May 14, 2020
SENT BY E-MAIL
On March 13, 2020, you submitted by email a Freedom of Information Act (FOIA) request. You requested a copy of the sale agreement and any supporting documents related to the February 19, 2020 taxi medallion loan sale to Marblegate Asset Management LLC (Marblegate).
By letter of April 14, 2020, a senior attorney advisor in the National Credit Union Administration’s (NCUA) Office of General Counsel responded to your request and advised that the documents you requested were issued or received by the NCUA Board as liquidating agent, and its agents; therefore, the requested documents are not agency records subject to the Freedom of Information Act (FOIA). Further, we advised that, even if considered subject to the FOIA and responsive, the documents you requested would be withheld as exempt from public release under one or more of the FOIA exemptions at 5 U.S.C. § 552(b)(4), (5), and (8). The senior attorney advisor’s response explained that exemption 4 protects trade secrets and commercial or financial information obtained from a person that is privileged or confidential. Exemption 5 protects inter-agency or intra-agency memoranda or letters which would not be available by law to a party other than an agency in litigation with the agency. Exemption 8 protects matters that are contained in or related to examination, operating, or condition reports prepared by, on behalf of, or for the use of an agency responsible for the regulation or supervision of financial institutions. As a courtesy, however, we referred you to two publicly available related releases1 and provided you with three additional pages of related, released records, for your interest.
You appealed this determination in a correspondence dated April 16, 2020.2 Your appeal is denied, as discussed more fully below.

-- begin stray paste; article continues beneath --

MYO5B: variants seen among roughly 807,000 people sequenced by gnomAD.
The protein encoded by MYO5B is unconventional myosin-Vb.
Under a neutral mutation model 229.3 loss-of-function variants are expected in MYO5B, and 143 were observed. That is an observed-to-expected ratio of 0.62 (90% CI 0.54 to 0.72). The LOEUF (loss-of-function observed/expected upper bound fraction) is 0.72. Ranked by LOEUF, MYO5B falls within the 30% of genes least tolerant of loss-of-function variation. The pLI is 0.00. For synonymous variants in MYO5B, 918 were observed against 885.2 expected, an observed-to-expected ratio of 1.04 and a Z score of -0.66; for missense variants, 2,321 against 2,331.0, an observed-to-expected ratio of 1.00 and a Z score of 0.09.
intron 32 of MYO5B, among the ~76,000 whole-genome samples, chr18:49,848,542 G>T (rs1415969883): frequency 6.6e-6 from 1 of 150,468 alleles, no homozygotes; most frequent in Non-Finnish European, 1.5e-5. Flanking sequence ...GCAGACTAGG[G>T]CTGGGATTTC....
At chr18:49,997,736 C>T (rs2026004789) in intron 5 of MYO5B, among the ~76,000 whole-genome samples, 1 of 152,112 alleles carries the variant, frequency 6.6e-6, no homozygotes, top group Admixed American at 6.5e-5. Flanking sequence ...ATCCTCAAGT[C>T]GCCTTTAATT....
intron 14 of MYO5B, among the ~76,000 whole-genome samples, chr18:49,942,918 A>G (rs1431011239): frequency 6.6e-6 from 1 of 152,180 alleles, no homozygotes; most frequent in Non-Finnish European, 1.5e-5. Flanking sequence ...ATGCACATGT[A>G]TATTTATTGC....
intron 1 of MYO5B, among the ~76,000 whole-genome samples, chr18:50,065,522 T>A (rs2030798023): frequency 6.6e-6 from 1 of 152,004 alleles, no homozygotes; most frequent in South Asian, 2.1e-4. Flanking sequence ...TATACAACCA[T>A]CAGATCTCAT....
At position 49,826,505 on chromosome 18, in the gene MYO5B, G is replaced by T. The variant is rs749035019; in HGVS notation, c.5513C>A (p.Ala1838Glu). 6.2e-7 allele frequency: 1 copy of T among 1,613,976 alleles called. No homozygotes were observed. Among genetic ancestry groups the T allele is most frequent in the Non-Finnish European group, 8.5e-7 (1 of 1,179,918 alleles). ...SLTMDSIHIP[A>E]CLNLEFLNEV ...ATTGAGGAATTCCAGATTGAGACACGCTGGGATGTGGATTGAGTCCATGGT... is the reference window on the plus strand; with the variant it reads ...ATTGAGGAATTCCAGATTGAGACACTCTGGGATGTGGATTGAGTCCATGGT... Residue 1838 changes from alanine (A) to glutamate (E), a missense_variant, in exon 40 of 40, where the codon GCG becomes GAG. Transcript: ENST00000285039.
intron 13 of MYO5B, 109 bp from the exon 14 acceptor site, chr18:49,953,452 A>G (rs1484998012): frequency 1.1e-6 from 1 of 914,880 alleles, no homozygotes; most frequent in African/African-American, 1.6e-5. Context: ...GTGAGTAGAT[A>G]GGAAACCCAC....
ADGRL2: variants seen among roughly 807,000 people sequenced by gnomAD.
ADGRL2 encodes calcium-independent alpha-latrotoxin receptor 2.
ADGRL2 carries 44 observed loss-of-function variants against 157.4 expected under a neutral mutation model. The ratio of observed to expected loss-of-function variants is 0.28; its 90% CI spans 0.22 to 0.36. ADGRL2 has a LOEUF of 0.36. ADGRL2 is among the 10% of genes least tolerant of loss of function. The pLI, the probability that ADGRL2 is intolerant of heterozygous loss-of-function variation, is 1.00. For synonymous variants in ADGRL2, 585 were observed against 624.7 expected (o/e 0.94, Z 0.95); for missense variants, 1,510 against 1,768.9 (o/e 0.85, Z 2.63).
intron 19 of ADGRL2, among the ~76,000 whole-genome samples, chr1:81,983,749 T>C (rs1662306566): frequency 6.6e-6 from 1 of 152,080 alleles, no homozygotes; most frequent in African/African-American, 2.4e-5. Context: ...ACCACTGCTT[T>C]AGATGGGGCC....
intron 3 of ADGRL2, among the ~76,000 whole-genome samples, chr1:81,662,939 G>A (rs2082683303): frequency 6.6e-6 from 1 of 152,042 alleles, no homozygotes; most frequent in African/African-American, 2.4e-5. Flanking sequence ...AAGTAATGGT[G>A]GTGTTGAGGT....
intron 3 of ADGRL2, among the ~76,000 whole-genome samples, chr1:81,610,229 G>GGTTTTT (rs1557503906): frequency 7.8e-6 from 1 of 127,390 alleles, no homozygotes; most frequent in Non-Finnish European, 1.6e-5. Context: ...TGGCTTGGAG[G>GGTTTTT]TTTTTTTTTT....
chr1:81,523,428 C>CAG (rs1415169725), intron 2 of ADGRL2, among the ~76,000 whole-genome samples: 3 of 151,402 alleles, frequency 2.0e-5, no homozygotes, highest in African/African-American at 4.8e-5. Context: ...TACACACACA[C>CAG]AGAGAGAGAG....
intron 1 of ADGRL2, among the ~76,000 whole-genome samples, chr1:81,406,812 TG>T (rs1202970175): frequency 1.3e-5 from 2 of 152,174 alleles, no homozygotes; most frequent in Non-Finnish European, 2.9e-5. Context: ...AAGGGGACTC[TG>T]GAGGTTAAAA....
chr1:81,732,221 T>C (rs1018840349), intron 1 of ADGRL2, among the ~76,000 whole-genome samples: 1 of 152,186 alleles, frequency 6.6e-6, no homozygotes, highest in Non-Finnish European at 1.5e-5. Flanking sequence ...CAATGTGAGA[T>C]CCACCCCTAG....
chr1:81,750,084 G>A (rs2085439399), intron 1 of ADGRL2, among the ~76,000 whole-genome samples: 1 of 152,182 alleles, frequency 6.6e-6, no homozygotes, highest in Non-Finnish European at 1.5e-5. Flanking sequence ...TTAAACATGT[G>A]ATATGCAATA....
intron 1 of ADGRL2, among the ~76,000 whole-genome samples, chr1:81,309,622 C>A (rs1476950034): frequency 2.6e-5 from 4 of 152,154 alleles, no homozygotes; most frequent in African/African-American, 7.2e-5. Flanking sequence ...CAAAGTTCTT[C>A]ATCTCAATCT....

In your appeal, you asserted that our denial is illegitimate because your request seeks public information about a public transaction, and the cited exemptions do not apply. We disagree. In fact, the entirety of the transaction was conducted by the liquidating agent, not by the NCUA in its agency capacity.
The FOIA establishes a statutory framework for public requests for “agency records” and imposes requirements on agencies to make such records promptly available.3 The FOIA applies to agencies within the Executive Branch of the federal government, independent regulatory agencies, and some components within the Executive Office of the President.4
The Federal Credit Union Act5 (Act) establishes the NCUA under the management of the NCUA Board. The Act sets forth the powers and duties of the NCUA and the NCUA Board in relation to credit unions whose share accounts are insured by the National Credit Union Share Insurance Fund (NCUSIF). Similar to the Federal Deposit Insurance Corporation in relation to insured banks, the NCUA operates as both regulator/insurer for insured credit unions (i.e., the NCUA’s agency capacity)6 and, in relevant circumstances, as conservator or liquidating agent for insured credit unions (i.e., the NCUA Board’s capacity as conservator or liquidating agent).7 The NCUA Board has delegated complete authority to act as liquidating agent to the President of the Asset Management and Assistance Center (AMAC).8
In its agency capacity, the NCUA conducts examinations of insured credit unions, administers the NCUSIF, and funds payment on insured shares when federally insured credit unions are liquidated. In contrast, in its capacity as conservator or liquidating agent, the NCUA Board steps into the shoes of the insured credit union, similar to a trustee in bankruptcy, and by operation of law succeeds to “all rights, titles, powers, and privileges of the credit union….”9 Thus, the NCUA’s agency capacity and the NCUA Board’s capacity as conservator or liquidating agent are legally distinct roles governed in some circumstances by separate statutory provisions and regulations. Courts have repeatedly and consistently demarcated these distinct dual capacities with respect to the NCUA and the FDIC.10
The Marblegate loan sale that is the subject of your request was conducted by the liquidating agent for Melrose Credit Union and LOMTO Federal Credit Union, which were both liquidated in 2018. Thus, as the agency’s April 14 letter responding to your March 13 FOIA request correctly noted, to the extent that the subject transaction was conducted by the NCUA in its capacity as liquidating agent, the requested documents are not agency records subject to the FOIA. While this point is entirely dispositive of the issue on appeal, as we further noted in our April 14 letter, even if considered subject to the FOIA and responsive, exemptions 4, 5, and 8 of the FOIA remain available.